This interview is part of our Road to the IGF series. You can find the rest by clicking here.
LIONKILLER casts the player as Hua Mulan, conscripted into into the First Opium War against the British Empire. Through their choices, the player can chase their dream of running a flower shop, uncover conspiracies, or kiss a girl. But will these personal acts of rebellion change the history that's unraveling before them?
Gamasutra spoke with Sisi Jiang, sole developer of the Excellence in Narrative-nominated title, to talk about the power of finding your own means of fighting even if your fate cannot be changed, hoping the player can be stirred to feel and think through story, and the beauty that still comes from less-than-ideal development circumstances.
A background in history and Neopets
I'm Sisi Jiang, and I am the sole developer. Which means that any bugs you might encounter are fully mine. Sorry about that!
I come from roleplaying forums that were mostly run by girls who migrated from Neopets. I learned to code by taking apart and reassembling the code of better designers (with their stated permission, of course). Beyond that, I’ve never taken a single computer science course. My major in college was history, which probably helped in the historical research for LIONKILLER. I’m hoping that my nomination can show young designers that you don’t need an engineering background to make video games.
Exploring the true roots
You know how marginalized fans are often told “If you don’t like the big franchise, then go make it yourself?” That was my reaction to Disney’s Mulan (1998). I saw it for the first time four years ago, and I was horrified that it had been turned into a “girl power” kind of story. I mean, that’s Disney, but I grew up with the ballad. For me, the story was about sacrificing a girl because the old man was more valuable to the family. I don’t think any amount of individual girl power can override living in a patriarchal society.
I used Twine, Photoshop, and a lot of online tutorials.
Diving into history
I know people are expecting me to say that I started with a political agenda (people will probably still say this), but the honest truth of it is that I have a history degree. I prefer researching modern history to classical history. The reason is because modern states have much better bookkeeping, so there were a lot more details to draw from when creating this game.
China gets invaded by different countries, depending on the version of Mulan. My academic background was mostly in the 19th-20th centuries. Guess who was the most powerful empire back then! I needed an actually threatening villain, so I started following the breadcrumbs to the First Opium War. Once I got there, I started feeling that the wars were linked to the larger British strategy of trying to conquer all of Asia. British India would produce raw materials (opium) and provide the soldiers (sepoys).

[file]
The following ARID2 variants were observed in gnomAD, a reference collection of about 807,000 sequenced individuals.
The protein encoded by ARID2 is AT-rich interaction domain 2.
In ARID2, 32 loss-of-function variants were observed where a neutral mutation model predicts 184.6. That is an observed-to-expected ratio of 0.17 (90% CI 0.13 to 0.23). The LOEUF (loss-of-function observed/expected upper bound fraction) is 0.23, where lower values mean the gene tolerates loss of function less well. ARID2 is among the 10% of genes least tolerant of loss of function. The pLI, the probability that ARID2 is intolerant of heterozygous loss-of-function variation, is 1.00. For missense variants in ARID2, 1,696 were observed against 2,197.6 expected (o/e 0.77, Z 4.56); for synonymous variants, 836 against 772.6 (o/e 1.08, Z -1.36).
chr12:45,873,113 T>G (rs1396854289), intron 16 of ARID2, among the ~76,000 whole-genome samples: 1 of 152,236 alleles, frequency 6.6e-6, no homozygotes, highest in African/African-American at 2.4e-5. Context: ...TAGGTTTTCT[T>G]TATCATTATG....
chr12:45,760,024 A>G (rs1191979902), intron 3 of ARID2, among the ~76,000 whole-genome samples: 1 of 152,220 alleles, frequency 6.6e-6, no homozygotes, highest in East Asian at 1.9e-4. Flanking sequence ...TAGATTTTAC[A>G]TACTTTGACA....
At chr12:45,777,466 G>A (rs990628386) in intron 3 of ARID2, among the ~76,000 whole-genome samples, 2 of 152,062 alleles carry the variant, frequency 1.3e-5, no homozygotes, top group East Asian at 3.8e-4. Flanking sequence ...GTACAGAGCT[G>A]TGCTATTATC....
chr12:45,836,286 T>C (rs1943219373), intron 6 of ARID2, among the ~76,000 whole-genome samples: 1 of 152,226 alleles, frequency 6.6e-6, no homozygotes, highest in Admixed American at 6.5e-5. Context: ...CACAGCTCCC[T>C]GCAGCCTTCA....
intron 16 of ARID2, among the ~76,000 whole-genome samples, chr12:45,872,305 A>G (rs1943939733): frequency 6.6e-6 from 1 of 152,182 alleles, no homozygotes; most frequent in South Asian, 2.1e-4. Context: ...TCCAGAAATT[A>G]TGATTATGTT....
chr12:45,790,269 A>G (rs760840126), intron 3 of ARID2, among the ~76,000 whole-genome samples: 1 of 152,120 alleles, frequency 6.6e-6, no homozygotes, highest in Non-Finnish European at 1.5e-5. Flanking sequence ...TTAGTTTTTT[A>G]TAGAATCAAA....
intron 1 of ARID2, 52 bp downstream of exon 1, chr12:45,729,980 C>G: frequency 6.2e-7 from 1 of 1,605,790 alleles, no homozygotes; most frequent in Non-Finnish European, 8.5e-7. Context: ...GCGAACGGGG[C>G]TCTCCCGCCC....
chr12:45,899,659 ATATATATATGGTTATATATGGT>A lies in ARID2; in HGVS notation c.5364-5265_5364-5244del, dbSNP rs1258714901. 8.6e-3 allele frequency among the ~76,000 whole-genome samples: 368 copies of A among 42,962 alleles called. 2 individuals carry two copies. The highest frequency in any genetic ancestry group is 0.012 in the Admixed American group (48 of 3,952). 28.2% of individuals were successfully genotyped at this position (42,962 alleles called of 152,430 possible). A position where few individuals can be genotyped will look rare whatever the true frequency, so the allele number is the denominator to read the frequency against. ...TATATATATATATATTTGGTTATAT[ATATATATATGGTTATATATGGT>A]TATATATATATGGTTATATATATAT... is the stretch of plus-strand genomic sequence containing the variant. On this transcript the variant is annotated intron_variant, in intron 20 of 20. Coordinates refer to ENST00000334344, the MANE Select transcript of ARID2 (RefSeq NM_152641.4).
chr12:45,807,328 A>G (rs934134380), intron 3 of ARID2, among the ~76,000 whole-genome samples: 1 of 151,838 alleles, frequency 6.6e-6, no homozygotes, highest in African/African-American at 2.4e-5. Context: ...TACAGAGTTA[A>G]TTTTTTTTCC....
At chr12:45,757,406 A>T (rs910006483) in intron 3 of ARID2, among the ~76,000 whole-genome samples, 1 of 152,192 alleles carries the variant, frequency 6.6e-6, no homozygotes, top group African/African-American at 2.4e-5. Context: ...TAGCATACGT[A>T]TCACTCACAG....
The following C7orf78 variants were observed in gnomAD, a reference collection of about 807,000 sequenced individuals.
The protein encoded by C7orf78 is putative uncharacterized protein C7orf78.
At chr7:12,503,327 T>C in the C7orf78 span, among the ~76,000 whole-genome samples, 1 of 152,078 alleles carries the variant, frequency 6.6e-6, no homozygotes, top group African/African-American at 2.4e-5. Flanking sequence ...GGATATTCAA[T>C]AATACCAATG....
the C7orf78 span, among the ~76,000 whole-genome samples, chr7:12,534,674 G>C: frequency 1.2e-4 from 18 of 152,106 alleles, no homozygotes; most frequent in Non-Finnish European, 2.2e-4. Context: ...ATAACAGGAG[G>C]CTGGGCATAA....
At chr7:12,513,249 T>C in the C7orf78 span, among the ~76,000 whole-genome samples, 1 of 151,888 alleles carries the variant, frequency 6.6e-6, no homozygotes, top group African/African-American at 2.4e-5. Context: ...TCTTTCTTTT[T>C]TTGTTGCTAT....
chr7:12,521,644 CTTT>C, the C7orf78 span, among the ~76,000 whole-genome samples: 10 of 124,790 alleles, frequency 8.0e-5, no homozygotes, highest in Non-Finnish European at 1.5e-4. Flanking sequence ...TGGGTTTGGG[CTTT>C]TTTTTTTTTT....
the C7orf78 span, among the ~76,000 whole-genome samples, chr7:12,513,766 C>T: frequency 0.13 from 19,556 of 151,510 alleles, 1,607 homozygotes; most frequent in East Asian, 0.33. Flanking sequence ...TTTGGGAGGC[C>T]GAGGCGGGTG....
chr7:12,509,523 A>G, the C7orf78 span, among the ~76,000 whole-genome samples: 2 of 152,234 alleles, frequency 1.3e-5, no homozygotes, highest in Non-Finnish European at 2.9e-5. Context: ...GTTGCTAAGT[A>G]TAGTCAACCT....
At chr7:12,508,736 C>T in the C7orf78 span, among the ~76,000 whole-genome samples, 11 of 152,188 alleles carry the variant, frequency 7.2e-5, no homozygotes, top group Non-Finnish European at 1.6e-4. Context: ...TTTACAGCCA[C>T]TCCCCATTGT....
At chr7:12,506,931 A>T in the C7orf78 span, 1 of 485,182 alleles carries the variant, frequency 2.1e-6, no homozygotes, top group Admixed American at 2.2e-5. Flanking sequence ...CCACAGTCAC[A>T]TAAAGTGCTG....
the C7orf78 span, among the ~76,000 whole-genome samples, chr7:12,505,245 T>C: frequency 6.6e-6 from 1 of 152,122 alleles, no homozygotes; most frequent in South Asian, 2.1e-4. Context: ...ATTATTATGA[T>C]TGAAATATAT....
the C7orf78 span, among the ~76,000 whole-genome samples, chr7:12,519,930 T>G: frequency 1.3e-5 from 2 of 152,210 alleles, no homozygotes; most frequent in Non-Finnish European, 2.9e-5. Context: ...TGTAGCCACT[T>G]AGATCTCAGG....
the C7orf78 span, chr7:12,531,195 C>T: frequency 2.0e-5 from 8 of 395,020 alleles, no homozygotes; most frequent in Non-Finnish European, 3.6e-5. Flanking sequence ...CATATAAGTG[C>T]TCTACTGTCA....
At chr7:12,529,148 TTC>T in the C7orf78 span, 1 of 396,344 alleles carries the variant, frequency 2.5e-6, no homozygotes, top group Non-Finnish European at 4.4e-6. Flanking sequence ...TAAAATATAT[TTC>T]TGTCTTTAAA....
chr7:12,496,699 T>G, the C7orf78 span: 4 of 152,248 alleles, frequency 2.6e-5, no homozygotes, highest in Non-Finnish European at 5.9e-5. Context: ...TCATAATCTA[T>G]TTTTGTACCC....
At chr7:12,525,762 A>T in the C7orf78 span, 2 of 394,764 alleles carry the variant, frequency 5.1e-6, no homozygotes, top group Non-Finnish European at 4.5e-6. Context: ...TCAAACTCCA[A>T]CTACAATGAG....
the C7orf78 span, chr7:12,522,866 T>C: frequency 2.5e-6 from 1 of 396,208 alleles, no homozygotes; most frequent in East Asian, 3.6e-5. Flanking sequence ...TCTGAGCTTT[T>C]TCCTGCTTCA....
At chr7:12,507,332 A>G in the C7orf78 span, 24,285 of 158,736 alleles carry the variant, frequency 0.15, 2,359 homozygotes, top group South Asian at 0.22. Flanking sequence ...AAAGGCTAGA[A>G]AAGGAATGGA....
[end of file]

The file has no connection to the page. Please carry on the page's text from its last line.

I linked LIONKILLER to the campaigns in Central Asia by making the British officer a veteran of the first Anglo-Afghan war (look up “the Great Game”). My secret is that I had to cut 40 percent of the original game for scope and budget reasons, but I wanted to bring in a more colorful cast of characters. More intrigue! More unlikely historical alliances! Unfortunately, scope cuts are a painful reality of game development. It still blows my mind that people can play one route in a scoped-down game and think that’s the canon LIONKILLER.
The challenges of the branching narrative
The branching itself wasn’t that hard, I think the real issue was trying to create the illusion of choice while keeping scope creep under control. Like, if I branched too early and closed the branch too late, I’d create too much of a burden for content needs. I think I eased the pressure once I saw the playtest comments and realized that most players don’t really think about the alternative paths other than the one that they’re currently on. And most people only play the game once.
Private moments of rebellion
Choice is really fragile in LIONKILLER. I mean, the whole story revolves around a conscription. Why choose if your decisions still lead to a war that you didn’t sign up for? Why choose anything if your fate is still etched into the stars? I think that question is relevant to a lot of young people who have been pigeonholed into careers they didn’t want.
LIONKILLER presents players with private moments of rebellion that are meant to keep their hearts human. I mean, you can’t actually desert with the Brigadier-General’s horse, but you could make an unsuccessful attempt. You’ll be punished for it, but you’re using the game as a tool to express your dissatisfaction. That was important to me because I always considered Mulan a story about filial piety, even at the expense of selfhood. As the designer, I wanted to make it clear that the player’s anger and discomfort mattered.